The AMD-ATI Acquisition: Integration and Freedom for Customers, IHVs
Published: July 25, 2006
by Timothy Prickett Morgan
Who says you can't have it both ways? That is, in essence, the grand strategy that has lead processor chip maker AMD spending $5.4 billion to acquire graphics processor and chipset maker ATI Technologies. Not only does AMD want everyone to believe that it can have it both ways--have a captive graphics chip and chipset maker--but that this is, in fact, an inevitable consequence of convergence pressures in the IT industry.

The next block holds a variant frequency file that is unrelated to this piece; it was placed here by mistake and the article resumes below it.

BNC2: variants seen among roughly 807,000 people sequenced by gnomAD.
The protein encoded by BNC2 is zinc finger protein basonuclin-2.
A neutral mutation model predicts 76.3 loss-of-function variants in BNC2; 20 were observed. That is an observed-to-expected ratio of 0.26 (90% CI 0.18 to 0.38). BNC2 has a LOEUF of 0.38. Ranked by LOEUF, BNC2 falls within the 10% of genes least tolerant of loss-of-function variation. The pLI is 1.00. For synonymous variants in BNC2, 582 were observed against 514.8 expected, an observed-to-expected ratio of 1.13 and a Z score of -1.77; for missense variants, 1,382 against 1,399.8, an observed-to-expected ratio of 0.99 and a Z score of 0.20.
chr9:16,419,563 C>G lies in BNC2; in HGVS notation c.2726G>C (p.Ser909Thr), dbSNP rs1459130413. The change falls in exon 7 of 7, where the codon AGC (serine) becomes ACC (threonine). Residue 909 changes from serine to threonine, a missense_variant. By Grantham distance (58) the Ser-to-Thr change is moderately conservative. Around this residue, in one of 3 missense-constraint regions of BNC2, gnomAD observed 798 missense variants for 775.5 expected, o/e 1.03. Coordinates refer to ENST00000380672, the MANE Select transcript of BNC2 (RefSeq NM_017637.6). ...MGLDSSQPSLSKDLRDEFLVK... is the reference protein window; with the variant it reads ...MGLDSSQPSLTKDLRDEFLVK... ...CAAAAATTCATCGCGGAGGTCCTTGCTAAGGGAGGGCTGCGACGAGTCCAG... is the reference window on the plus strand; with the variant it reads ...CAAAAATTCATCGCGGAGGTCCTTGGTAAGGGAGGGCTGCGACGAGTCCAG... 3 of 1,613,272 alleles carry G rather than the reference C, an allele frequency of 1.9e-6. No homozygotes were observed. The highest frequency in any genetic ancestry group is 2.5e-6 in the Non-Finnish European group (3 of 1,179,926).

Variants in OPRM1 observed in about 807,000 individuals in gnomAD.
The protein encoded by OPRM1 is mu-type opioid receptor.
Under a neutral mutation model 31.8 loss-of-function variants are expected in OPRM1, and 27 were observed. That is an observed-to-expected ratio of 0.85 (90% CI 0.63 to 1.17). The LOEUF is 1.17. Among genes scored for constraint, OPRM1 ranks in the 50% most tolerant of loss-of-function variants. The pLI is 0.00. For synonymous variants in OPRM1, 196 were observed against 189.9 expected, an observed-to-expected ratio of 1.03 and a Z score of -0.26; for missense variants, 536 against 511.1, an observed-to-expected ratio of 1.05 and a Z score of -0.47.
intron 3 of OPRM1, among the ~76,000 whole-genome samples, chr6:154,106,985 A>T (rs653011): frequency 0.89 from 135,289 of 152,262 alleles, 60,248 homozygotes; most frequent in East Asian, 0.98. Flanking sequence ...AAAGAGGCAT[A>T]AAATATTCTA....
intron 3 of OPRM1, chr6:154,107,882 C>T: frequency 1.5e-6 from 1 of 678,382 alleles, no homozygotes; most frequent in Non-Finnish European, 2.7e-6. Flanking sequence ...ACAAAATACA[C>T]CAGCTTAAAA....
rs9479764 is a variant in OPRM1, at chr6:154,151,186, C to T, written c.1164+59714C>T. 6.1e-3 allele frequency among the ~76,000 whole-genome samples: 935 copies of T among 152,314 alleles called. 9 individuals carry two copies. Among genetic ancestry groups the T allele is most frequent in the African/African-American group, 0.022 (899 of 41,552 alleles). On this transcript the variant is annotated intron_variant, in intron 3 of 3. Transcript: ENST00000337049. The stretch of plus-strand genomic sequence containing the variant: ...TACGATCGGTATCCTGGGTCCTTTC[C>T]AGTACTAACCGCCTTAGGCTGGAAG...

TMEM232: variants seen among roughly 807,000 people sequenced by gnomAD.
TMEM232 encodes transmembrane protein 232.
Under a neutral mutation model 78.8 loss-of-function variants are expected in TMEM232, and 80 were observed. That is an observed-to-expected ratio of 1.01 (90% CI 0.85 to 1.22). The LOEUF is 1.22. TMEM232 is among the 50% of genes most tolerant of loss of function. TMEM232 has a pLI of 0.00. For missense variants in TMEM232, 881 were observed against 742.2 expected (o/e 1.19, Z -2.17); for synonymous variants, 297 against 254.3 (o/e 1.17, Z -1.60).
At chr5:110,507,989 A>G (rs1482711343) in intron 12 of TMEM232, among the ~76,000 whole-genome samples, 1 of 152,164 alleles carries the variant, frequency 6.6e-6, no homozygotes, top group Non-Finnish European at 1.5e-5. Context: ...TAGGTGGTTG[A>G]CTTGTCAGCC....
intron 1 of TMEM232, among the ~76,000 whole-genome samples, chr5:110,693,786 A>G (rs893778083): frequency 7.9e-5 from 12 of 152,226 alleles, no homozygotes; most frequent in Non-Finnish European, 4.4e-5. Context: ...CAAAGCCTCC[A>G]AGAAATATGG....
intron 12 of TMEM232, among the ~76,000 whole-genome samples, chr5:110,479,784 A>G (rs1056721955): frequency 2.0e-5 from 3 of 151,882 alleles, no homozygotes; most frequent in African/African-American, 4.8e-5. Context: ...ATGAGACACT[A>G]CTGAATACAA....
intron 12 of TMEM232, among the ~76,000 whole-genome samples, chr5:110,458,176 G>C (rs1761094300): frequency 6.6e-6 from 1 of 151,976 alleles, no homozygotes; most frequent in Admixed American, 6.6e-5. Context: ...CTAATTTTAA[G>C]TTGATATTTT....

While there is no question that the combination of AMD and ATI transforms the resulting chip company into a powerhouse that is going to be better able to give rival Intel grief, a similar argument could be made that ATI's rival nVidia was a better fit but beyond AMD's budget. In fact, in a deal between AMD and nVidia, you might be able to rightly question who was buying whom. As we go to press in the wake of the AMD-ATI deal, nVidia has a market capitalization of $6.2 billion, and applying the same 1.7 multiple that AMD coughed up for ATI (which had a $3.2 billion market capitalization prior to the rumors of the AMD deal coming down), AMD would have to pay about $12.5 billion for nVidia. Which, of course, it can't do, since it only has a market cap of about $12 billion prior to the ATI acquisition rumors. Incidentally, according to Patrick Moorehead, vice president of advanced marketing at AMD, the company did indeed entertain the idea of merging with nVidia. But that would have been a merger of equals, and AMD's top brass would not have been in charge.